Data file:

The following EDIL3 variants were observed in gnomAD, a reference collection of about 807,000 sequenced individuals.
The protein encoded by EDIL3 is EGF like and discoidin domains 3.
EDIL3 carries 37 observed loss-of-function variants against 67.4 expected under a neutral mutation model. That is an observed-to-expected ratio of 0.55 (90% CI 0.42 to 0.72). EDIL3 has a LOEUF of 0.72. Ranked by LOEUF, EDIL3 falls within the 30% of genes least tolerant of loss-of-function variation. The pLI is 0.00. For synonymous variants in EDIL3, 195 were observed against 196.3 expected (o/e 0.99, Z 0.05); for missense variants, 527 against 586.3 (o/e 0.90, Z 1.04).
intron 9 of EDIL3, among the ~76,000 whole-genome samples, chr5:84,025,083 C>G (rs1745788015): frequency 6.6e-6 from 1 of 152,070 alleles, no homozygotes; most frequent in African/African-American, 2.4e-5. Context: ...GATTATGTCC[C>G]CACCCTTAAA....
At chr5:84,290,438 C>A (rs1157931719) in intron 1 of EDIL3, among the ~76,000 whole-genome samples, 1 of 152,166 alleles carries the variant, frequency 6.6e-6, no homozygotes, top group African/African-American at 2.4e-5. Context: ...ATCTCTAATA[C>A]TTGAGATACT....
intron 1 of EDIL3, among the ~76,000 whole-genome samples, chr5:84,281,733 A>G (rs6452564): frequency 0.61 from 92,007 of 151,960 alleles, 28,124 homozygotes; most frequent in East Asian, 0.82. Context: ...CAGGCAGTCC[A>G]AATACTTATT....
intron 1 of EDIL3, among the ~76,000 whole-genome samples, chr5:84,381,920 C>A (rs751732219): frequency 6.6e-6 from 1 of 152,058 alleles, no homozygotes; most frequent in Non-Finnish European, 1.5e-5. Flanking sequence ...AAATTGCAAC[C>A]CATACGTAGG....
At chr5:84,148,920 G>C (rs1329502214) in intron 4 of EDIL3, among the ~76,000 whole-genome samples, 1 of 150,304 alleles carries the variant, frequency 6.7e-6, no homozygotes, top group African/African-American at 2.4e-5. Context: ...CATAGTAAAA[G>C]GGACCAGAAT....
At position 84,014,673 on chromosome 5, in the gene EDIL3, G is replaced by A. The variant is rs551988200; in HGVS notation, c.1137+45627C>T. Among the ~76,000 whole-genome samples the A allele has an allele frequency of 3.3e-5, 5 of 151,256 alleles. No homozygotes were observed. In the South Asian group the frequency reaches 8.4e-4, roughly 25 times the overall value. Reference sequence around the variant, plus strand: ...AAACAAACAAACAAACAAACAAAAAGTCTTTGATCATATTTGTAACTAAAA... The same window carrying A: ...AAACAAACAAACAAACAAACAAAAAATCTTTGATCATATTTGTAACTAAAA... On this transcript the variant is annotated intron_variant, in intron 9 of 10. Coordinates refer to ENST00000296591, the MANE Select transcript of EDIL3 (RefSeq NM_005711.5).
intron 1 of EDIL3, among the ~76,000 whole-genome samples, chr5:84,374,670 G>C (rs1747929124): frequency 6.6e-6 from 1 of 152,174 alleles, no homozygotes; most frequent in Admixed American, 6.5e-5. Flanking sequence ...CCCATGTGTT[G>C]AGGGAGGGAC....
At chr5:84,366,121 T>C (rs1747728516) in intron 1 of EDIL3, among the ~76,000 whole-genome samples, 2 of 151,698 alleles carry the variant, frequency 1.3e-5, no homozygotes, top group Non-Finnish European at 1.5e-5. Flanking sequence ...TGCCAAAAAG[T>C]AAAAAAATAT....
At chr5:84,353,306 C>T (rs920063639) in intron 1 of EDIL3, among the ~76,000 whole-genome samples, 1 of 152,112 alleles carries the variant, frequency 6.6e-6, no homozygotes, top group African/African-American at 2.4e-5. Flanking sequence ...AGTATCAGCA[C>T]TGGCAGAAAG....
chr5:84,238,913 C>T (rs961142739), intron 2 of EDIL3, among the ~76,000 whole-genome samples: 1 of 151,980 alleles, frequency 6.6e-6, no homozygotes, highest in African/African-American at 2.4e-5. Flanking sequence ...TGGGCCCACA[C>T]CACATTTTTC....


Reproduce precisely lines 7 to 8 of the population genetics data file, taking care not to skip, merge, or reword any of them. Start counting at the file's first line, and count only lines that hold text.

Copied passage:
intron 1 of EDIL3, among the ~76,000 whole-genome samples, chr5:84,381,920 C>A (rs751732219): frequency 6.6e-6 from 1 of 152,058 alleles, no homozygotes; most frequent in Non-Finnish European, 1.5e-5. Flanking sequence ...AAATTGCAAC[C>A]CATACGTAGG....
At chr5:84,148,920 G>C (rs1329502214) in intron 4 of EDIL3, among the ~76,000 whole-genome samples, 1 of 150,304 alleles carries the variant, frequency 6.7e-6, no homozygotes, top group African/African-American at 2.4e-5. Context: ...CATAGTAAAA[G>C]GGACCAGAAT....